Lay summary

When mammals become exposed to pathogens, such as bacteria, yeast or viruses, the organism defend themselves with an protective immune response. A critical step in building this defense is the recruitment of leukocytes from the blood to the site were the pathogen has attacked the host. The main task of the leukocytes is to eliminate the invaders and to launch the generation of antibodies or specific killer cells to vaccinate the host and to protect against future attacks. So called chemotactic cytokines (chemokines) are the critical regulators for this leukocyte traffic.

After pathogen eradication by innate and adaptive immunity, it is mandatory that the immune system returns to its resting state. Excessive activation of the inflammatory response can be deleterious for the host. For this purpose, the balanced formation and scavenging of inflammatory mediators is, next to leukocyte trafficking, most critical for an effective inflammatory response that does not become damaging for the host.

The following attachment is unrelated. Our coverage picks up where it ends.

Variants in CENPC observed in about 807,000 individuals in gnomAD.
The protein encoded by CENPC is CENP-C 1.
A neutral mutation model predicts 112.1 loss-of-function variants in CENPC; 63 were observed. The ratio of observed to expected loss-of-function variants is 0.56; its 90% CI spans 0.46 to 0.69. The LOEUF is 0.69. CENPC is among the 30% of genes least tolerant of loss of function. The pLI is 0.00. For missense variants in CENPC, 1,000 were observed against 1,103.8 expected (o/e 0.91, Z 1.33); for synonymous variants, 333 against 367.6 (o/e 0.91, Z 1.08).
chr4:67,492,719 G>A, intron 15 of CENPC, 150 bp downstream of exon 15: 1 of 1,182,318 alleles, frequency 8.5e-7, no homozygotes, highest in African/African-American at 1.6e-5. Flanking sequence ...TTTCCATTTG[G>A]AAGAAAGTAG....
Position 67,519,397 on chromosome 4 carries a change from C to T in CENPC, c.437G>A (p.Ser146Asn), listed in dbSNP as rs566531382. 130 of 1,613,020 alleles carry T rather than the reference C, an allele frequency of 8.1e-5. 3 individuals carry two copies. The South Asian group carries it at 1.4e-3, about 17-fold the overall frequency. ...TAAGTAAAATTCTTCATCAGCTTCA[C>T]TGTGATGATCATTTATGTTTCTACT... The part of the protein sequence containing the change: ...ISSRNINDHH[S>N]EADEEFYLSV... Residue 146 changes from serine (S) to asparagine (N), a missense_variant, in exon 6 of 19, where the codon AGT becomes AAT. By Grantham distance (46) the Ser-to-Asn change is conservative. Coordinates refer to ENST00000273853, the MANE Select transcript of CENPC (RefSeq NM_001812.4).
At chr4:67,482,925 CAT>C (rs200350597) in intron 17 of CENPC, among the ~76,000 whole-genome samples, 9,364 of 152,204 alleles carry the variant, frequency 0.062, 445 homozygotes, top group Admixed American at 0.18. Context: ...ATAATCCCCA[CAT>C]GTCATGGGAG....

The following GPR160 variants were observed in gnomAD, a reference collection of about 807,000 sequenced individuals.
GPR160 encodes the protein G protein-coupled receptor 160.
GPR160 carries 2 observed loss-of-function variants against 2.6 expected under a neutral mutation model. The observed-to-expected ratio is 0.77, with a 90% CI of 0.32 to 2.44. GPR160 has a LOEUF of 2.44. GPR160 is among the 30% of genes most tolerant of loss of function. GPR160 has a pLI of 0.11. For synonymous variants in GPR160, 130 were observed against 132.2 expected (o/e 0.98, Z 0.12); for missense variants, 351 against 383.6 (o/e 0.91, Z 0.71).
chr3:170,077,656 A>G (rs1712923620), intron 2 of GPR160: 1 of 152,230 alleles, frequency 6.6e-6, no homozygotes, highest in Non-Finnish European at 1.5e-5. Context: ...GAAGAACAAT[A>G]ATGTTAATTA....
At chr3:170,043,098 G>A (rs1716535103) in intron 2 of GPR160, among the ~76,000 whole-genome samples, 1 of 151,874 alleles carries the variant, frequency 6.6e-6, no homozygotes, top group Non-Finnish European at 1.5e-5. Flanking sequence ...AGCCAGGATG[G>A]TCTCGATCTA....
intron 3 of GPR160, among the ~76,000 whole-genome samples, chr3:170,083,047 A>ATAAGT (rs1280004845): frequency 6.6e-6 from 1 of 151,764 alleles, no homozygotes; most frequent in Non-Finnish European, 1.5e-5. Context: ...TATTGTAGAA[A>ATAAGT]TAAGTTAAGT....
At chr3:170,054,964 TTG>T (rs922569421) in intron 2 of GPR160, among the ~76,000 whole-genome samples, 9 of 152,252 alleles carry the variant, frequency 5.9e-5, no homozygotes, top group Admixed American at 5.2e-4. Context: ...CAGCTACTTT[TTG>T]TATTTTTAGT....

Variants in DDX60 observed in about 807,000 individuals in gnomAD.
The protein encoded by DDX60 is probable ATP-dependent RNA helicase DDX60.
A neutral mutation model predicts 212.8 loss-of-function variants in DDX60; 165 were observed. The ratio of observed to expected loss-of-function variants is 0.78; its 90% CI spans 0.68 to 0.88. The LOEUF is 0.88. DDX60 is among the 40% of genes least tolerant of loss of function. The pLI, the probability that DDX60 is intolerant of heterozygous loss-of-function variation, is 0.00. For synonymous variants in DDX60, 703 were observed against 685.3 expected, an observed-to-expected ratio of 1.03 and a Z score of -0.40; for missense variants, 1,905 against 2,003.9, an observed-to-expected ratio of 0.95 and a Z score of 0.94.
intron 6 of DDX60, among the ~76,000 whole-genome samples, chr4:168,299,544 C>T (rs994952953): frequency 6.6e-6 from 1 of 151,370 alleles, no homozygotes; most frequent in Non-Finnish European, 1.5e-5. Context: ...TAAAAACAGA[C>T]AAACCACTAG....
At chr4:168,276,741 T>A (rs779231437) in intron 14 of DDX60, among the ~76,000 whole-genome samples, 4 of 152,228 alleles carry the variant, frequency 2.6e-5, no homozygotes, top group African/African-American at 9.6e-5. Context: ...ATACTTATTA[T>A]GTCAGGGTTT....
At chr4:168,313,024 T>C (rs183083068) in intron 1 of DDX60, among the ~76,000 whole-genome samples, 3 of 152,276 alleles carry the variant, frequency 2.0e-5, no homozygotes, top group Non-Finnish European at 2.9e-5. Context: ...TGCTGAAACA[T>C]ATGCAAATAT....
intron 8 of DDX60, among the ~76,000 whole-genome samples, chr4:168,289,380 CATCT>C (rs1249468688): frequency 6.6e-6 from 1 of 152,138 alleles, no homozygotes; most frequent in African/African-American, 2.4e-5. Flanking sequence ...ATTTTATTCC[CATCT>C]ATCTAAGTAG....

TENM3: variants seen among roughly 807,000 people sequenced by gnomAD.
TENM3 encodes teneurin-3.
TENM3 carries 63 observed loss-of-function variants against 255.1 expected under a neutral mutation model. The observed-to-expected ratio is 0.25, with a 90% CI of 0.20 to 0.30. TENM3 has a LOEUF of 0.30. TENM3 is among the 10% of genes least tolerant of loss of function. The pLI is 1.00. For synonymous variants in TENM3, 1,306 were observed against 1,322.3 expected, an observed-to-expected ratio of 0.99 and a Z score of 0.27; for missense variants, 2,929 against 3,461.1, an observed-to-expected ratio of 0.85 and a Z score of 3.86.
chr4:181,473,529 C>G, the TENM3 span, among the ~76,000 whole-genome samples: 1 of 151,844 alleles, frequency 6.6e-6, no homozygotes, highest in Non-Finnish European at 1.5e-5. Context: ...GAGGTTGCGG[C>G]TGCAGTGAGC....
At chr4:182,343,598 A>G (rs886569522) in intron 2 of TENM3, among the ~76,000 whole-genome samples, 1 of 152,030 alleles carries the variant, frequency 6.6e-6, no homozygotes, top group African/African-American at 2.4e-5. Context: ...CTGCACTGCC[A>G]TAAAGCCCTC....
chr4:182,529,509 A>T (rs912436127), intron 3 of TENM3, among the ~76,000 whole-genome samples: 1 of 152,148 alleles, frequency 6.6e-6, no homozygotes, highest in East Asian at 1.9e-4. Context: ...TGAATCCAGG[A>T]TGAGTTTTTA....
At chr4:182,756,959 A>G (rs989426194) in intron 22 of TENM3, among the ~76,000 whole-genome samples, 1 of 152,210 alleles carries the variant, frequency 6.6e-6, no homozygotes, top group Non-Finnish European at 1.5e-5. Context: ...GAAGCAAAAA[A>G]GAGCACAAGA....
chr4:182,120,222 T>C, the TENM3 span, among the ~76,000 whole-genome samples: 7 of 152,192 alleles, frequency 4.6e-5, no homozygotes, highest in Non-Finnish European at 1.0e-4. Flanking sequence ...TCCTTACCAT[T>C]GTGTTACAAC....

The laboratory recently described CXCR7 as novel scavenger receptor for the chemokine CXCL12. Investigations of the laboratory demonstrated that the receptor does not trigger typical responses induced by chemokines, such as leukocyte migration, but rather removes chemokines by cycling between the surface and endosomal compartments. CXCR7 nevertheless shares the overall structure with other chemokine receptors and is phylogenetically related. Thus, an obvious question is what molecular properties distinguishes the receptor from its functional signaling siblings. To this end we will investigate intracellular signaling mediated by the receptor, focusing on protein phosphorylation, an event that is tightly associated with receptor endocytosis. We will use fluorescently labeled chemokines, that can readily be detected by advanced microscopy to reveal the scavenging activity of CXCR7 in different tissues.